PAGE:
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Wednesday, July 17, 2024

Tuesday, July 16, 2024












He's selling nail clippers, pens, keychains, lighters and back scratchers.













He's selling just toothpicks. This is far from normal. I'd have to go back 20 years to see worse destitution in Vietnam. In Con Dao, an eatery owner told me her business was less than half what it was before Covid.



























Boiled pork and boiled water spinach for 110,000 đồng [$4.34]. A glass of unsweetened iced tea was free. No rice! I remember this line from a kung fu movie, "What is there to being a Chinaman? You're born, you eat your way through a mess of rice and then you die!"









Two men at cafe in 334 Alley on Le Hong Phong on 7-16-24--Vung Tau copy




[same alley café as below]









Old man at cafe in 334 Alley on Le Hong Phong on 7-16-24--Vung Tau copy




[5:47AM]


Prison Norms in Paradises now at Amazon!

 

Pitch, “Thoughts on Skiboky Stora, Brisbane, Henry Lawson, Chinese illegal immigrants, Tiger Cages, Võ Thị Sáu and Kaylene Whiskey, etc. Pity our young for being brainwashed nonstop and forced to obey even the most asinine commands. Will Chinese and Jews make America great again? In yellow countries, whiteness sells. Old interviews are excavated to show this fool still being pulled under by lovelorn ghosts. Join me, then, among the coral reefs and shipwrecks.”

Table of Contents:

Matthew Sharpe Interviews Linh Dinh for May 2004 issue of Brooklyn Rail 
Marianne Villanueva Interviews Linh Dinh For Summer 2008 Issue of Pacific Rim Review of Books
Scott Bloemker and Judd Hess Interviews Linh Dinh: Awe Strikes 
Andrew Cox Interviews Linh Dinh on 7/4/11 
Eric Nguyen Interviews Linh Dinh For DVAN on 9/14/15: “Art is Always Political” 
Neon Pyjamas Interviews Linh Dinh on 5/20/18: "Go where you don't belong" 
Robert Patterson interviews Linh Dinh for Leafbox on 9/17/22 
Selling Whiteness  
Street Stories and Portraits 
Saigon Limbo 
Skiboky Stora for President! 
Vietnam's Globalist Princess 
Hell’s Bell 
From Outlaws to Bludgers, with a Bright Enough Future 
Chinese in a Cave, Hideous Architecture and One Nation Party in Ipswich 
Chopsticks but No Dives in New Brissy 
Where's Your Henry Lawson? 
Lashes to Slaps on Wrists 
Be You Tiful 
Escape from America: Russell Island, Australia 
Pseudo Drivers, Doctors and Presidents
Chinese and Jews to Make America Great Again? 
Deadened Souls 
First Day in Hell 
Shackled Men and Geckos On Walls 
Heap of Corpses in a Sea of Blood
Artless Nowhereland

Book includes five interviews. Here’s an excerpt from one done by Andrew Cox on 7/4/11:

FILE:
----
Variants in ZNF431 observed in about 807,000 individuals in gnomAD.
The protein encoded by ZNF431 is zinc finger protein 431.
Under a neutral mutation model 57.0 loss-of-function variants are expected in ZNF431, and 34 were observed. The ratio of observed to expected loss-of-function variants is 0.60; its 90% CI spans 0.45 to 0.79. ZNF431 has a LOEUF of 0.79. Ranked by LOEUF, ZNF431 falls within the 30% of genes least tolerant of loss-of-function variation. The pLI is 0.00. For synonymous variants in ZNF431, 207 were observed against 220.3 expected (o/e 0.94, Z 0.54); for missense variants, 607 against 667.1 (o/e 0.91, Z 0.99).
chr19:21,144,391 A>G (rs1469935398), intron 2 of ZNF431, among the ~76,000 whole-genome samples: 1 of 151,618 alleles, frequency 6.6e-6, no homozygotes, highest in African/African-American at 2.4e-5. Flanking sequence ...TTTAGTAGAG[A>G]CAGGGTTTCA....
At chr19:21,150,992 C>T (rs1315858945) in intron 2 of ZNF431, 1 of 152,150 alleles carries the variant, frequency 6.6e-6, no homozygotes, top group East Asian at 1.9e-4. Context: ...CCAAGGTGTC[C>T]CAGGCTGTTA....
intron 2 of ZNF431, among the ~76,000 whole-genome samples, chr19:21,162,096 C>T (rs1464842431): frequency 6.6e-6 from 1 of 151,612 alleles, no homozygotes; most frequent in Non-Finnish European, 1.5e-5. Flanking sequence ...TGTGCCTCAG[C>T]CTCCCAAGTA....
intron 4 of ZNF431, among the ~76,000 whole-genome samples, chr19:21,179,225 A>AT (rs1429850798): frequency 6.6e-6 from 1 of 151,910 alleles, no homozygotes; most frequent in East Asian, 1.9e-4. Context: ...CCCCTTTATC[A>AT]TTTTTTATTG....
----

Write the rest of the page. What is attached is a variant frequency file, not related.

Do you ask for permission before you photograph anyone? Do you explain what you are using the images for and if so, what is a typical reaction?

If I can get away with sneaking a photo, I’ll do that. Generally speaking, I don’t want my subjects to pose or even be aware of my presence, but since I carry a large camera, this is not always possible.

From each photo, you can generally tell whether I’ve engaged my subject. Sometimes I offer people a bit of money, usually just a buck or two, to take their photos. I gave $10 to a Camden woman, however, so she could buy cans of Sterno for her tent.

In Detroit, I also gave an old man 10 bucks because he was in such bad shape. He said he needed this money for a prescription. Whenever I visited the tent city in Camden, New Jersey, I’d bring 24 large cans of beer, though I’d end up drinking three or four myself. I’ve also bought food for the homeless.

When I talk to people on the streets, I do tell them I’m writing about the economy. Most know full well the economy is in horrible shape and will get even worse, and most of them don’t mind talking to me about their dire situations.

Once, I saw a young woman who was raving and extremely dirty, she even smelled of urine, but as soon as I talked to her, she became sane and radiant. Not to exaggerate but she became shockingly beautiful. I bought her something to drink and lent her my cell phone so she could call a friend in Baltimore to pick her up in Philadelphia.

As an artist, you’re always a kind of vulture when you’re around people, you’re always trying to make use of what they say, how they look or who they are, and since art is always subjective, a kind of distortion, you’re always deforming people to suit your purposes. Although art is always, in this sense, an exploitation, it is also a kind of tribute, and hence, of love. Sometimes I can barely stand how magnificent and beautiful people are.

You mentioned bringing beer or food with you sometimes. A common stereotype is the homeless asking for money or holding a sign by the freeway just want it to buy drugs and alcohol. How accurate is this stereotype?